Although the budget has been cut for Medicare reform, people receiving Medicare are not affected in terms of the benefits they receive. The budget agreement will cut Medicare savings by $100 billion over the next five years. The downside is that $15 billion in premiums will be collected from recipients over the next five years.

This type of additional health insurance can be acquired from a private company. Medigap covers health care costs that would not be covered by the original plan, including deductibles and copayments.


The Problem with Pensions
Pensions have become less common in recent years than they used to be. As an incentive to work at a particular company, many employers will set aside a retirement account for their employees, funded and managed by the company. Some unions provide this for their members as well.

Unfortunately, many employers later find that they are unable to fulfill the monetary obligations that they agreed to. Especially when the economy is less stable, employer-funded pensions are often more of a luxury. Instead, more and more common is the 401(k). Workers set aside money for their retirement out of their own pocket, which is deducted from each paycheck, up to a certain amount per year.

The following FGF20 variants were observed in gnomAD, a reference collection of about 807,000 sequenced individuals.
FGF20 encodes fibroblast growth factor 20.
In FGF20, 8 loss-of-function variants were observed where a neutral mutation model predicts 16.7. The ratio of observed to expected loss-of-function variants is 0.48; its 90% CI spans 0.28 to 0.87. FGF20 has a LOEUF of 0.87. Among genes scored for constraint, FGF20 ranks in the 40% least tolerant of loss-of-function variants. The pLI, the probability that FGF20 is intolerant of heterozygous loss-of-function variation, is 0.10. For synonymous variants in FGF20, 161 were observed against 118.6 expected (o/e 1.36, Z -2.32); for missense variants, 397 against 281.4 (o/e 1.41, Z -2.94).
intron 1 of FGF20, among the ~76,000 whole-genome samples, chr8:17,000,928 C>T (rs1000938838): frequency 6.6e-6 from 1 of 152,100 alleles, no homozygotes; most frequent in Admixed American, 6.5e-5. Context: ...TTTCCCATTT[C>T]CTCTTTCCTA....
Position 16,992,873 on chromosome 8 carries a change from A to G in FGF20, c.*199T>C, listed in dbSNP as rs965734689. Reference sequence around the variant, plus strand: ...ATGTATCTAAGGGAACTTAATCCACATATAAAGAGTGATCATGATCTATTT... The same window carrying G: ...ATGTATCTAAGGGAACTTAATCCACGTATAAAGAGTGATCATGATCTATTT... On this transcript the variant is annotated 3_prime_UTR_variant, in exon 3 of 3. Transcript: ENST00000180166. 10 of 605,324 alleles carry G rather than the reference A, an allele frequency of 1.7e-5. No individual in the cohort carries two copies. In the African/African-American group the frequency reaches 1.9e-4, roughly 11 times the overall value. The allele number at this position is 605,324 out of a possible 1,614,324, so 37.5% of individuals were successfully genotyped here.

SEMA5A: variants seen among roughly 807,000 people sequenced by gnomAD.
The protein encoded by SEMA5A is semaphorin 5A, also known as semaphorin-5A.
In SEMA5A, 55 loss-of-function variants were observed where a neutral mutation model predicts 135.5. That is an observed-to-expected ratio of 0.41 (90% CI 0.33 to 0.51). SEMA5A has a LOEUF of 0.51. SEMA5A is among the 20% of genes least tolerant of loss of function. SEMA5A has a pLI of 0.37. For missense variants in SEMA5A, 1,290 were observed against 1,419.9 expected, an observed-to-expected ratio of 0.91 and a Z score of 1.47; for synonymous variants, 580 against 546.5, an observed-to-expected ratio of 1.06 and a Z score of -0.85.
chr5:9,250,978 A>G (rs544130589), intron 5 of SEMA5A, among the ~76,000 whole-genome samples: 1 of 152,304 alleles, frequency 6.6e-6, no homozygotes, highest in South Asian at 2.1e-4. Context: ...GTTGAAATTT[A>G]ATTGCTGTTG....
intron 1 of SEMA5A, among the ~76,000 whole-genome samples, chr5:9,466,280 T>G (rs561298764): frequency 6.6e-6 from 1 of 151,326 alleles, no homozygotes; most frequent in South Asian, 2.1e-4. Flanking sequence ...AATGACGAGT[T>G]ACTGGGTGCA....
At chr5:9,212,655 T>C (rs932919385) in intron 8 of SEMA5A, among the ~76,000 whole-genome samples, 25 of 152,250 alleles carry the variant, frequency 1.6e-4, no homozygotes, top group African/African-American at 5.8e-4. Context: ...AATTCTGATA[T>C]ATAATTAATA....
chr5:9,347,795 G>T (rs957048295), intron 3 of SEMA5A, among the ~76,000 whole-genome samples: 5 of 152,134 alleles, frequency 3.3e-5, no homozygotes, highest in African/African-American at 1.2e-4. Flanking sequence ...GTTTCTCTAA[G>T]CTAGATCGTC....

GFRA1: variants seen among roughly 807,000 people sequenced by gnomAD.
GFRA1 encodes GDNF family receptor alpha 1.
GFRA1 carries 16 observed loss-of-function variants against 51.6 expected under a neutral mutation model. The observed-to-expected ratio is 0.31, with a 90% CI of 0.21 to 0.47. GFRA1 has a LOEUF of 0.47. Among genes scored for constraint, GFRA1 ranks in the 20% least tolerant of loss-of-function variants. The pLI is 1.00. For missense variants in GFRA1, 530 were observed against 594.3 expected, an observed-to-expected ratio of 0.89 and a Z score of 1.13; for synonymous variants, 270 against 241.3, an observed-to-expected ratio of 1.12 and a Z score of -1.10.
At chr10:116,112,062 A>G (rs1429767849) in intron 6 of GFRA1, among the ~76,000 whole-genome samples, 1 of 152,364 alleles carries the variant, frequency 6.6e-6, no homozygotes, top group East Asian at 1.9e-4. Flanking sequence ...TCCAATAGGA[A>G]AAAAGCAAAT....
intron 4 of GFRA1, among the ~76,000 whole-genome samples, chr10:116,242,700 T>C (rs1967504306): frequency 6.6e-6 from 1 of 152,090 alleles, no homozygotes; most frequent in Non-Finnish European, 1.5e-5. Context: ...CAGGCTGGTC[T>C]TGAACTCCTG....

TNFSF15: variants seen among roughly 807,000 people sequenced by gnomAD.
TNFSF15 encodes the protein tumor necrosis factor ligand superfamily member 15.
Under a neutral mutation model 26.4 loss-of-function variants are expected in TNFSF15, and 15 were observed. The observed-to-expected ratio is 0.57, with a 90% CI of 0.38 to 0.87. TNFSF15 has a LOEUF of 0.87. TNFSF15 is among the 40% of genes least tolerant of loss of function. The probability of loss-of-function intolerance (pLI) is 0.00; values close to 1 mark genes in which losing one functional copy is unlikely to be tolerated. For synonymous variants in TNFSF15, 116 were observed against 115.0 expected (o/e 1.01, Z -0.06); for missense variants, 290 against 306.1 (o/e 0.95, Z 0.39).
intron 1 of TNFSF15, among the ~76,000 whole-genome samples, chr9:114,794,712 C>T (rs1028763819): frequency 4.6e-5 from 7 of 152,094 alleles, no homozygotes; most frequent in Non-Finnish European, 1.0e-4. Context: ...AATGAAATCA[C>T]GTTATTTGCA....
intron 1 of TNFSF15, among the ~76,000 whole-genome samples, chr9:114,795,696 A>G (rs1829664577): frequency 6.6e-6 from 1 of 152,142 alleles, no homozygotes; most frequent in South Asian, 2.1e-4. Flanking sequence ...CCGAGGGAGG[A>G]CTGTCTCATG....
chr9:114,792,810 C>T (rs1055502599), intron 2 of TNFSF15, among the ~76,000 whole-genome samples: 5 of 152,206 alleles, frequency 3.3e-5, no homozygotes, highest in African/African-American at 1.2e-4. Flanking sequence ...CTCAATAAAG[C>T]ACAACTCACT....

Pension Benefit Guaranty Corporation
As we discussed earlier, the PBGC is an independent agency of the U.S. government, with the responsibility of making sure people get the pensions they’re entitled to. They provide pension insurance so that if an employer no longer has the means to fulfill their obligations, the PBGC will cover the pension, which you can receive as either an annuity or a lump sum.

If you think you’re entitled to a pension, but aren’t sure, if it’s insured by PBGC, they can help you find it. A search engine on their site allows you to look for your pension by your name, or by the company’s name or address.